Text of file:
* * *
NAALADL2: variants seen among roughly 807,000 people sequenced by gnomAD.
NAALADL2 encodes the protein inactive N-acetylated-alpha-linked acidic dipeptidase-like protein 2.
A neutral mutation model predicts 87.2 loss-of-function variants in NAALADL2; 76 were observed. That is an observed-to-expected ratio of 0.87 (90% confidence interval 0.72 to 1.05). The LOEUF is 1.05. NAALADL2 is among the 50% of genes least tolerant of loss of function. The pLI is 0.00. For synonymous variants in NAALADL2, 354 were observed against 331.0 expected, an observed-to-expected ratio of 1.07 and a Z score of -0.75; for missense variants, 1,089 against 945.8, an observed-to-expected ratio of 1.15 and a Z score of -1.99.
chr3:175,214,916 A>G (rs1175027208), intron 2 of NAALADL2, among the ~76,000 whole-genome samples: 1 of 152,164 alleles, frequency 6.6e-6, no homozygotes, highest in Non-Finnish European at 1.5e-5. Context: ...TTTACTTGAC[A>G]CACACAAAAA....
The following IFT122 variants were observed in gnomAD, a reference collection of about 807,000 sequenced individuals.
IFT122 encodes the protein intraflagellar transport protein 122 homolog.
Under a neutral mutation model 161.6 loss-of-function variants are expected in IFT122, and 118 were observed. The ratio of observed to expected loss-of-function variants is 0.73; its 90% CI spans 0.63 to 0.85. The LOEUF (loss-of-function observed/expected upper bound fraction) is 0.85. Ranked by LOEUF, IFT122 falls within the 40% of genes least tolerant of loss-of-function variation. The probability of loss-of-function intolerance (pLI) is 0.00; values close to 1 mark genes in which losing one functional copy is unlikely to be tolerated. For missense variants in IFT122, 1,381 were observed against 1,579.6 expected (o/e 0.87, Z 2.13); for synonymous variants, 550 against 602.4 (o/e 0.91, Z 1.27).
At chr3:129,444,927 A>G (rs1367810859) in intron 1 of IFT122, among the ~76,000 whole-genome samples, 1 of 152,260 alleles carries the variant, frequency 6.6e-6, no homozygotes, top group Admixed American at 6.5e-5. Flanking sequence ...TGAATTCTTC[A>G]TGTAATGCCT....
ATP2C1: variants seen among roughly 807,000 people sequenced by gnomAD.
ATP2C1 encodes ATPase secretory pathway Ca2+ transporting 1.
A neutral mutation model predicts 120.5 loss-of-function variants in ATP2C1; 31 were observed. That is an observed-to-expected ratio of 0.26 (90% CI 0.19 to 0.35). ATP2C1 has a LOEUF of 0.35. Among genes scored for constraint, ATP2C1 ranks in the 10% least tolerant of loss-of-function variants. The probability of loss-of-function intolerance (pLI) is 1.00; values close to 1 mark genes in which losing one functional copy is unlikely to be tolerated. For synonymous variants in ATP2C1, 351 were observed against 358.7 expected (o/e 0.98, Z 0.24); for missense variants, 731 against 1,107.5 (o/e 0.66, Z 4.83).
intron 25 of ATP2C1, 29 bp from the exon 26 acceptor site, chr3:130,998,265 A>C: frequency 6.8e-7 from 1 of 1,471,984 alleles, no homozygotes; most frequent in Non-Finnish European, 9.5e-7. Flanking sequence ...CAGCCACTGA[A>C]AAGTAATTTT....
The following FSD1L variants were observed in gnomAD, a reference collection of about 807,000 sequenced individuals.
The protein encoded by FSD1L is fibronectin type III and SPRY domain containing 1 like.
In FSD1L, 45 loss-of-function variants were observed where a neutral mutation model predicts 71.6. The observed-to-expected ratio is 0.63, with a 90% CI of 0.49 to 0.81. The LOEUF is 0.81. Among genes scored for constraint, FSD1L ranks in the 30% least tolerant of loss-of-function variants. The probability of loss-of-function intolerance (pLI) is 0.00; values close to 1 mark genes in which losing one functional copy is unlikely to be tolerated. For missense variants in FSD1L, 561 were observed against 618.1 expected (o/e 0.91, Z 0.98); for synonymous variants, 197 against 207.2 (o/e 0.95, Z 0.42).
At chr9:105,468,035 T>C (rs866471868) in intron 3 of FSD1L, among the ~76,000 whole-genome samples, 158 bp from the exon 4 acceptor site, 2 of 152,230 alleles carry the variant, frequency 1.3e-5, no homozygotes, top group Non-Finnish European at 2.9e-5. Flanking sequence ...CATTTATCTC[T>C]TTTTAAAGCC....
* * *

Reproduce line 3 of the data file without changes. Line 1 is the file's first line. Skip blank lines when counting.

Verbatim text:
A neutral mutation model predicts 87.2 loss-of-function variants in NAALADL2; 76 were observed. That is an observed-to-expected ratio of 0.87 (90% confidence interval 0.72 to 1.05). The LOEUF is 1.05. NAALADL2 is among the 50% of genes least tolerant of loss of function. The pLI is 0.00. For synonymous variants in NAALADL2, 354 were observed against 331.0 expected, an observed-to-expected ratio of 1.07 and a Z score of -0.75; for missense variants, 1,089 against 945.8, an observed-to-expected ratio of 1.15 and a Z score of -1.99.